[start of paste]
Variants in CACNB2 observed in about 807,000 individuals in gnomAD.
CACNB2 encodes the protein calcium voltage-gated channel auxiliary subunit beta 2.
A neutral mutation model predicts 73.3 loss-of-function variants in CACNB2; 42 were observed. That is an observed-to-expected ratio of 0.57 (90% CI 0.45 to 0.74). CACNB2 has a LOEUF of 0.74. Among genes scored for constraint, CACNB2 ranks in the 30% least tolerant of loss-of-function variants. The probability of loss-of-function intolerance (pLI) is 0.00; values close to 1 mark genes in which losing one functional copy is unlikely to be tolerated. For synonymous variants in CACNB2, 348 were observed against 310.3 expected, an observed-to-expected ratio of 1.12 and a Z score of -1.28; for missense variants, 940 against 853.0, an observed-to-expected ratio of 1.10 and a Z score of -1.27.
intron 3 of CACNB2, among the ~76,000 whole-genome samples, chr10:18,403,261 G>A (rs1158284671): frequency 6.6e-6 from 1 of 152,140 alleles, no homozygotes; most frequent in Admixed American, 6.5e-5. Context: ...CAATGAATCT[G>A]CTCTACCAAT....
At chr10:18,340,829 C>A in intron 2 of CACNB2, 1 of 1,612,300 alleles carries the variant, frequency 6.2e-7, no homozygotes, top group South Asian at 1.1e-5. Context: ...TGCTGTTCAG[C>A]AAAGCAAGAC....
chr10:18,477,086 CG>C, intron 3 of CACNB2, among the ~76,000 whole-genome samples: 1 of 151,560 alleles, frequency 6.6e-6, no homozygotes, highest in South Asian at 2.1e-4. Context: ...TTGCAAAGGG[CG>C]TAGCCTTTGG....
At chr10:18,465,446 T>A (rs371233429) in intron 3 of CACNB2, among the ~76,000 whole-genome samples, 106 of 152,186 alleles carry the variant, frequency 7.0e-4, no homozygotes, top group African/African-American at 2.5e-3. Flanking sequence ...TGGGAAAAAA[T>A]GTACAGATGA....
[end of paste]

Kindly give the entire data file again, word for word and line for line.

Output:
Variants in CACNB2 observed in about 807,000 individuals in gnomAD.
CACNB2 encodes the protein calcium voltage-gated channel auxiliary subunit beta 2.
A neutral mutation model predicts 73.3 loss-of-function variants in CACNB2; 42 were observed. That is an observed-to-expected ratio of 0.57 (90% CI 0.45 to 0.74). CACNB2 has a LOEUF of 0.74. Among genes scored for constraint, CACNB2 ranks in the 30% least tolerant of loss-of-function variants. The probability of loss-of-function intolerance (pLI) is 0.00; values close to 1 mark genes in which losing one functional copy is unlikely to be tolerated. For synonymous variants in CACNB2, 348 were observed against 310.3 expected, an observed-to-expected ratio of 1.12 and a Z score of -1.28; for missense variants, 940 against 853.0, an observed-to-expected ratio of 1.10 and a Z score of -1.27.
intron 3 of CACNB2, among the ~76,000 whole-genome samples, chr10:18,403,261 G>A (rs1158284671): frequency 6.6e-6 from 1 of 152,140 alleles, no homozygotes; most frequent in Admixed American, 6.5e-5. Context: ...CAATGAATCT[G>A]CTCTACCAAT....
At chr10:18,340,829 C>A in intron 2 of CACNB2, 1 of 1,612,300 alleles carries the variant, frequency 6.2e-7, no homozygotes, top group South Asian at 1.1e-5. Context: ...TGCTGTTCAG[C>A]AAAGCAAGAC....
chr10:18,477,086 CG>C, intron 3 of CACNB2, among the ~76,000 whole-genome samples: 1 of 151,560 alleles, frequency 6.6e-6, no homozygotes, highest in South Asian at 2.1e-4. Context: ...TTGCAAAGGG[CG>C]TAGCCTTTGG....
At chr10:18,465,446 T>A (rs371233429) in intron 3 of CACNB2, among the ~76,000 whole-genome samples, 106 of 152,186 alleles carry the variant, frequency 7.0e-4, no homozygotes, top group African/African-American at 2.5e-3. Flanking sequence ...TGGGAAAAAA[T>A]GTACAGATGA....